The Biggest Superhero Films That Didn't Happen, Part 2
Comic Books, Film
Funding cuts proposed to punish two South Carolina universities for selecting gay-themed books for their summer reading programs could open the door to First Amendment lawsuits, 10 free-speech advocacy groups caution members of the state Senate.
The state House last week approved a budget that would slice $52,000 from the College of Charleston and $17,142 from the University of South Carolina Upstate for recommending Alison Bechdel’s 2006 graphic memoir Fun Home and Out Loud: The Best of Rainbow Radio, about South Carolina’s first gay and lesbian radio show, respectively. The figures represent the amount each school spent on last year’s program.
With the state budget now in the hands of the Senate, a coalition that includes the Comic Book Legal Defense Fund and the ACLU of South Carolina sent a letter on Tuesday urging the Senate Finance Committee to reject the cuts, warning, “Penalizing state educational institutions financially simply because members of the legislature disapprove of specific elements of the educational program is educationally unsound and constitutionally suspect: it threatens academic freedom and the quality of education in the state, and could well expose the state to potential liability on First Amendment grounds.”
The letter was co-signed by the American Association of University Professors, the American Booksellers Foundation for Free Expression, the American Library Association, the Association of American Publishers, the Association of College and Research Librarians, the Modern Language Association, National Coalition Against Censorship and the National Council of Teachers of English.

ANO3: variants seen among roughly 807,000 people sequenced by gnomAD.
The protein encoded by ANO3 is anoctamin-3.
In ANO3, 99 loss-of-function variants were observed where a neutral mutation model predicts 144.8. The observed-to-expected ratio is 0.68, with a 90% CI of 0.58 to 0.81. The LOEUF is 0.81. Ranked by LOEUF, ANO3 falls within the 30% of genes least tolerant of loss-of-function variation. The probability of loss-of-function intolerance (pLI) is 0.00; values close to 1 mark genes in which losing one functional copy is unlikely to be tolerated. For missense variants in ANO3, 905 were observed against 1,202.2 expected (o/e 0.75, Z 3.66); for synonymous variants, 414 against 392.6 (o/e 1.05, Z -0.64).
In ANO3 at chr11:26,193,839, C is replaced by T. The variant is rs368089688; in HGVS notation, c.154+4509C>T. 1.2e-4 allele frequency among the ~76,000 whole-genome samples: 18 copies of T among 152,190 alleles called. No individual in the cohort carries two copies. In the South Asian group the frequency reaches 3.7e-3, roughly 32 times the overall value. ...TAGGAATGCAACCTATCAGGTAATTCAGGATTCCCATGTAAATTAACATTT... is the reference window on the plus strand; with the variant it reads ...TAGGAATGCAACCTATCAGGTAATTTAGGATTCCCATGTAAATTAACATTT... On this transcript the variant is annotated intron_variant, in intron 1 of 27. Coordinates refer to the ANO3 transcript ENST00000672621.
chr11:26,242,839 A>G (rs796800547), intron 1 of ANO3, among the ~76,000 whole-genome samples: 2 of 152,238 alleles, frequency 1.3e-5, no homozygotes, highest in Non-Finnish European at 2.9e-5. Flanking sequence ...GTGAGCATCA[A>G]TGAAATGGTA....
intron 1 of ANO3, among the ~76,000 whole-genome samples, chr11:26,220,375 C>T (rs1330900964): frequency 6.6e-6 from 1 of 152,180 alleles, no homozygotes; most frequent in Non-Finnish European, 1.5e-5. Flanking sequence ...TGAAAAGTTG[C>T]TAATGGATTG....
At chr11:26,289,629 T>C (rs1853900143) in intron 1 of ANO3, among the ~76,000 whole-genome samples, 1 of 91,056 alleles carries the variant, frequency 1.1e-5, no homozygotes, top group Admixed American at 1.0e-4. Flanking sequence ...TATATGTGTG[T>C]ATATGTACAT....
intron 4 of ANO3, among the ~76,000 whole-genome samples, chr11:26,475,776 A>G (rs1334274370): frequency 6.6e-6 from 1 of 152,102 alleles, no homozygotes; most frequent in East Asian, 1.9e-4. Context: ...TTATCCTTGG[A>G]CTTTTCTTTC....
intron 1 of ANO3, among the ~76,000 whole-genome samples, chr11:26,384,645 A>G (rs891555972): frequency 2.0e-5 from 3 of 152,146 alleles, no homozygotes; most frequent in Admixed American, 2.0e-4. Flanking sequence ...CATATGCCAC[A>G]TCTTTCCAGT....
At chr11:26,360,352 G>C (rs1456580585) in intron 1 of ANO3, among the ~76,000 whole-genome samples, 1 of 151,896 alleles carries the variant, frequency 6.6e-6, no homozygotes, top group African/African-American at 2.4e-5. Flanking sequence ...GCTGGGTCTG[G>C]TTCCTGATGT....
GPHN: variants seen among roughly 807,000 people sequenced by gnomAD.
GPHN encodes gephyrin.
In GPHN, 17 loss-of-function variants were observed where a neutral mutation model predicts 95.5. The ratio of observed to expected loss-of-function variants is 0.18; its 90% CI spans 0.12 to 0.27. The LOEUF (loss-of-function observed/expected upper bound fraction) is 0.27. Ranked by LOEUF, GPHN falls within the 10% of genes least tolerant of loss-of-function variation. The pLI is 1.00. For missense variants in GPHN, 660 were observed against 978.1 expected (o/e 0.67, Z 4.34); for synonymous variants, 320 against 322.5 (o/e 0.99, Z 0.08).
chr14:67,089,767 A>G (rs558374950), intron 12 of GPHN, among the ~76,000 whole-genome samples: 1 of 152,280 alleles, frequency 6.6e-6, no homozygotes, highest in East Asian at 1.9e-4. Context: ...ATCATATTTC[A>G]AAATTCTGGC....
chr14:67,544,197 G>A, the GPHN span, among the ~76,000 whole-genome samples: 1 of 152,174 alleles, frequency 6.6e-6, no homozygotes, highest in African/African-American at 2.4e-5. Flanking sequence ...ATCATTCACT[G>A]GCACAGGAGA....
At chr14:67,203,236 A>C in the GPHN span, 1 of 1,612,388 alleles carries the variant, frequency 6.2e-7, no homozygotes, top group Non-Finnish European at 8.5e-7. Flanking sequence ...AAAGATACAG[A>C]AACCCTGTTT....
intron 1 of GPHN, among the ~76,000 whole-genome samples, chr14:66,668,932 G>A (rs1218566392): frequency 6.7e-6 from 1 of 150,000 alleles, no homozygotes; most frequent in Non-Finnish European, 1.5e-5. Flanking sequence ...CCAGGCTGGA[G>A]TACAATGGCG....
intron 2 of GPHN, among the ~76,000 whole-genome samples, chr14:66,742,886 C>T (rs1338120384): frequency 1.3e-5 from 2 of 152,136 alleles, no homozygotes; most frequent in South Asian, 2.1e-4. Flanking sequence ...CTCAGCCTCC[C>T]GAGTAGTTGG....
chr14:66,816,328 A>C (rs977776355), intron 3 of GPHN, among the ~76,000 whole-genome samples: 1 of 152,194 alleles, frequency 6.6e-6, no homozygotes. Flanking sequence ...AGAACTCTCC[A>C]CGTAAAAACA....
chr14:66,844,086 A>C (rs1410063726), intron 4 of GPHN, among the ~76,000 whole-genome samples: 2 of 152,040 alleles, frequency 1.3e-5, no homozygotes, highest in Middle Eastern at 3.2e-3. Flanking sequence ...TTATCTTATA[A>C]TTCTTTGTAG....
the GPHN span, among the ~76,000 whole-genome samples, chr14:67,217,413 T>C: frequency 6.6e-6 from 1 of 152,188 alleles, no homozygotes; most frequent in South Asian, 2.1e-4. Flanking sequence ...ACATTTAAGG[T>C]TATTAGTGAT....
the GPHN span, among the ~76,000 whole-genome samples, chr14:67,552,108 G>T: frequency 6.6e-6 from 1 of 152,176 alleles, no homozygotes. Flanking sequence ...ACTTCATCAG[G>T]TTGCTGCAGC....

“Legislative efforts to control discussion and debate in a university setting are ill-advised, both legally and educationally,” the letter added. “They would erode academic freedom, compromise the quality of education, and violate a basic tenet of the First Amendment.”
“The proposed budget cuts are designed to punish the schools solely because some members of the legislature don’t approve of certain books being taught,” NCAC Executive Director Joan Bertin said in a separate statement. “The Supreme Court has sent a clear message over decades: lawmakers may not prohibit the expression of ideas simply because they find them to be offensive.”
Gov. Nikki Haley hasn’t indicated where she stands on the cuts, saying last week at a press conference that, “We haven’t looked at all the details of the budget yet. I don’t want to get into the details of what the House did because once the Senate gets it sometimes they change that.”